Joe Biden vows to fight on as US political world unravels: 'Unprecedented times'

Betting markets are swinging wildly as questions swirl around whether Joe Biden could realistically be replaced in the US presidential race.

U.S. President Joe Biden speaks during a campaign rally in Raleigh, North Carolina.
US president Joe Biden says he will not back down as friends and colleagues call for him to step aside. Source: Reuters

It's not often you expect a candid and forthright response from a politician, especially when it's dealing with something as ugly as this.

US president Joe Biden has vowed to "get back up" and continue to contest the upcoming election despite his disastrous performance in Friday's debate with Donald Trump. But in the hours following the televised event, pundits, allies and Democratic insiders were lining up to call for him to step aside and to float the idea of a replacement candidate.

One of those who acknowledged the uncomfortable reality was former Democratic senator, and close friend of Joe Biden, Heidi Heitkamp. So much so, that her assessment of the train-wreck debate left the hosts of ABC's Planet America a little taken aback on Friday night.

"Wow..." host Chas Licciardello laughed at the close of the interview.

"That was candid."

"That was a lot more forthcoming than I expected," co-host John Barron agreed. "And bear in mind Heidi Heitkamp is a personal friend of Joe Biden's ... She would not be saying openly to us, or anybody, that the party will be looking for an alternative if she did not seriously believe that."

The Planet America hosts during their show talking about US presidential debate.
The Planet America hosts couldn't quite believe the state of things. Source: ABC

Speaking to the ABC program, the former North Dakota senator, made the point that Biden's feeble performance allowed Trump to appear in control and presidential – quite different from his aggressive and erratic performances in previous debates.

"I honestly think the debate performance was that bad that people are really, seriously considering replacing him on the ticket at the convention. Which I honestly think will lead to a lot of enthusiasm.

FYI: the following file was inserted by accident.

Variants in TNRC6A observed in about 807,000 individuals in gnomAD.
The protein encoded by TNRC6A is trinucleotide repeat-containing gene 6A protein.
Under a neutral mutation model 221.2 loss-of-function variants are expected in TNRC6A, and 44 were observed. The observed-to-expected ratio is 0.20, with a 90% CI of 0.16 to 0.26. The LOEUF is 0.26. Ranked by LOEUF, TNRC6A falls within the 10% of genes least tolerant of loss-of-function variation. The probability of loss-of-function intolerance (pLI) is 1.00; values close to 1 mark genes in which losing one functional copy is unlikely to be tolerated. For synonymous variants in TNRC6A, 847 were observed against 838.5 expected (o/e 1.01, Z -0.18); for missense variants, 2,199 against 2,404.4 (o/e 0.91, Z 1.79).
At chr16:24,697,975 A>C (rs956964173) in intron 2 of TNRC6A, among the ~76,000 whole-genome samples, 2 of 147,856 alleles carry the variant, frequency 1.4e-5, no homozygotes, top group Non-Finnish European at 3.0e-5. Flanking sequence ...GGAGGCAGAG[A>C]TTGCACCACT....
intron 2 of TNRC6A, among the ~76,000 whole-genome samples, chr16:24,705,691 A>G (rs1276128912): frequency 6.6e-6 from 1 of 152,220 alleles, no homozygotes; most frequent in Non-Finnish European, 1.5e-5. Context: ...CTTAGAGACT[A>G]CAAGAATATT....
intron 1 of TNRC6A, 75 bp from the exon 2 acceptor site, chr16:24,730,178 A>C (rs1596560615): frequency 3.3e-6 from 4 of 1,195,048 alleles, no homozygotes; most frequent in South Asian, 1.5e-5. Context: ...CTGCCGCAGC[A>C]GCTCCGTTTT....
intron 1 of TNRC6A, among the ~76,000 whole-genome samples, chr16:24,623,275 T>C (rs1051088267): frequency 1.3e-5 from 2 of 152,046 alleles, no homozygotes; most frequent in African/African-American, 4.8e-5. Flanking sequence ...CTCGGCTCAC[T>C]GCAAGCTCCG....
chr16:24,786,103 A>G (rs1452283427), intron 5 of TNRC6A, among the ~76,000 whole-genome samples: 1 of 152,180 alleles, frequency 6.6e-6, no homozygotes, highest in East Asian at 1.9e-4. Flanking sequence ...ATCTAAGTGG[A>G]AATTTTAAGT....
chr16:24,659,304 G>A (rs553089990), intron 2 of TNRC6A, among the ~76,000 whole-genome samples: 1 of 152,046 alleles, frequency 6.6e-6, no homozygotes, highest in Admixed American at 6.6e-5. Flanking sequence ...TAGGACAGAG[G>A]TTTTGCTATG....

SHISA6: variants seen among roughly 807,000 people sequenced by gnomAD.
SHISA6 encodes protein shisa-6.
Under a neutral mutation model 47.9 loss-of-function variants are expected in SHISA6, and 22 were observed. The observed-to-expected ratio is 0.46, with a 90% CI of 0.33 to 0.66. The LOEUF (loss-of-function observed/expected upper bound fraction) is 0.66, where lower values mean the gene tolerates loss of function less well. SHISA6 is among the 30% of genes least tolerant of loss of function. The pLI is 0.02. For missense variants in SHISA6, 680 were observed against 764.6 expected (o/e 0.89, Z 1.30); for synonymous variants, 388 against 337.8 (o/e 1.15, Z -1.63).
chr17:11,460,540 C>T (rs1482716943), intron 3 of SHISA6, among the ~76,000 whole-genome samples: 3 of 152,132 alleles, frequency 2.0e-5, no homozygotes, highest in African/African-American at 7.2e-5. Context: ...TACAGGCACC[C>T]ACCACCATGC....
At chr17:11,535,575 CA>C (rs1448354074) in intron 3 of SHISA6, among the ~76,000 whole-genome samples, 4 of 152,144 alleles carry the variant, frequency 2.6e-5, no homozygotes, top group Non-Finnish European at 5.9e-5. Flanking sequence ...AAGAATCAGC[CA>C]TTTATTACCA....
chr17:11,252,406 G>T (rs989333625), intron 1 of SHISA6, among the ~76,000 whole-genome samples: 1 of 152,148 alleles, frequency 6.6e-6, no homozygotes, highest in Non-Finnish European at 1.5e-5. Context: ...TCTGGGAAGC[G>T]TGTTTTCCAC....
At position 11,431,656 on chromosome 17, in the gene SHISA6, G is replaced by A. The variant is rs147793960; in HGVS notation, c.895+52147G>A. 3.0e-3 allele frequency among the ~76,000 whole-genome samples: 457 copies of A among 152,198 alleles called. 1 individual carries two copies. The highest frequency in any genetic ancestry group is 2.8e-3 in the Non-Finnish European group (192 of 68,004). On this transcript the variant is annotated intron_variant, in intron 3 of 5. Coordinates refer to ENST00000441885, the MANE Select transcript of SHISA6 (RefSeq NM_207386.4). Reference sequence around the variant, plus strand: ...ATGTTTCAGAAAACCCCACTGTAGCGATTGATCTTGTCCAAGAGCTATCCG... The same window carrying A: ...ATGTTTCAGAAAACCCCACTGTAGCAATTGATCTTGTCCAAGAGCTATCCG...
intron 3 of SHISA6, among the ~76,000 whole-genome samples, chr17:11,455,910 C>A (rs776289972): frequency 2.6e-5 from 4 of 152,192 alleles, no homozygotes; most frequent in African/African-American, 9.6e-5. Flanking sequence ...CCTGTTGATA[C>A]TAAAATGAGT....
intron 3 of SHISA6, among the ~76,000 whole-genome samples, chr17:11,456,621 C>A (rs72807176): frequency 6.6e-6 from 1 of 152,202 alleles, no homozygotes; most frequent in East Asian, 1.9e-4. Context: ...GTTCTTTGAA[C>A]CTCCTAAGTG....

"In some ways we are in unprecedented times," she said.

Barron likened the predicament of the Democratic party to trying to get an aging grandparent to finally give up the keys to the car – a reality Heitkamp said the whole "Democratic apparatus" was now grappling with.

Democrat presidential candidate U.S. President Joe Biden listens as Republican presidential candidate and former U.S. President Donald Trump speaks during their debate in Atlanta, Georgia, U.S., June 27, 2024. REUTERS/Brian Snyder
Questions have swirled about if Biden should push ahead. Source: AP

"Hopefully, the president, who I love dearly ... will actually have that same moment of clarity, like, 'Am I up to this task?'

"And the stakes are just so high, not just for the United states of America but they're high for you guys [Australia], they're high for Europe," she said.

While the political logistics and practicalities may be insurmountable, if Biden was to step aside it would give the party time to pick another nominee at its convention, which starts on August 19. That would mean a potentially messy process that could pit Vice President Kamala Harris against governors and other office-holders whose names have been floated as possible replacements.

One of those is Californian Governor Gavin Newsom who surged on some betting and odds platforms in the US to nearly the same odds as Biden to take the nomination. On Australian betting site Sportsbet he was paying $7 to be the next US president to Joe Biden's $4.50 – a rather remarkable situation for someone who is not running. Donald Trump, meanwhile, was at short odds of $1.57.

Californian Governor Gavin Newsom deflected questions about whether he would make a play for the nomination. Source: AP
Californian Governor Gavin Newsom deflected questions about whether he would make a play for the nomination. Source: SportsBet/AP

Three columnists from the New York Times' progressive-leaning opinion section called on Biden to drop out of the race. While one Biden donor, speaking to Reuters under the condition of anonymity, called his performance "disqualifying" and predicted that some Democrats would revisit calls for him to step aside.

However the president's campaign co-chair Mitch Landrieu said on CNN "it's not likely to happen".

The 81-year-old was looking to bounce back today as he attended a rally in North Carolina.

"I don't walk as easy as I used to, I don't speak as smoothly as I used to, I don't debate as well as I used to," Biden told the cheering crowd. "I would not be running again if I didn't believe with all my heart and soul that I could do this job. The stakes are too high."

In a move that would not have come without serious deliberations inside the party, former US president Barack Obama this morning acknowledged Biden had a "bad" debate performance but maintained his support for him as a candidate.

"Bad debate nights happen. Trust me, I know," Obama said on X. "But this election is still a choice between someone who has fought for ordinary folks his entire life and someone who only cares about himself. Last night didn't change that."

The next Biden-Trump debate is scheduled to take place on September 10. There are no conversations about Biden stepping aside from his re-election bid and he plans to participate in the September debate, his campaign said this morning.

with Reuters

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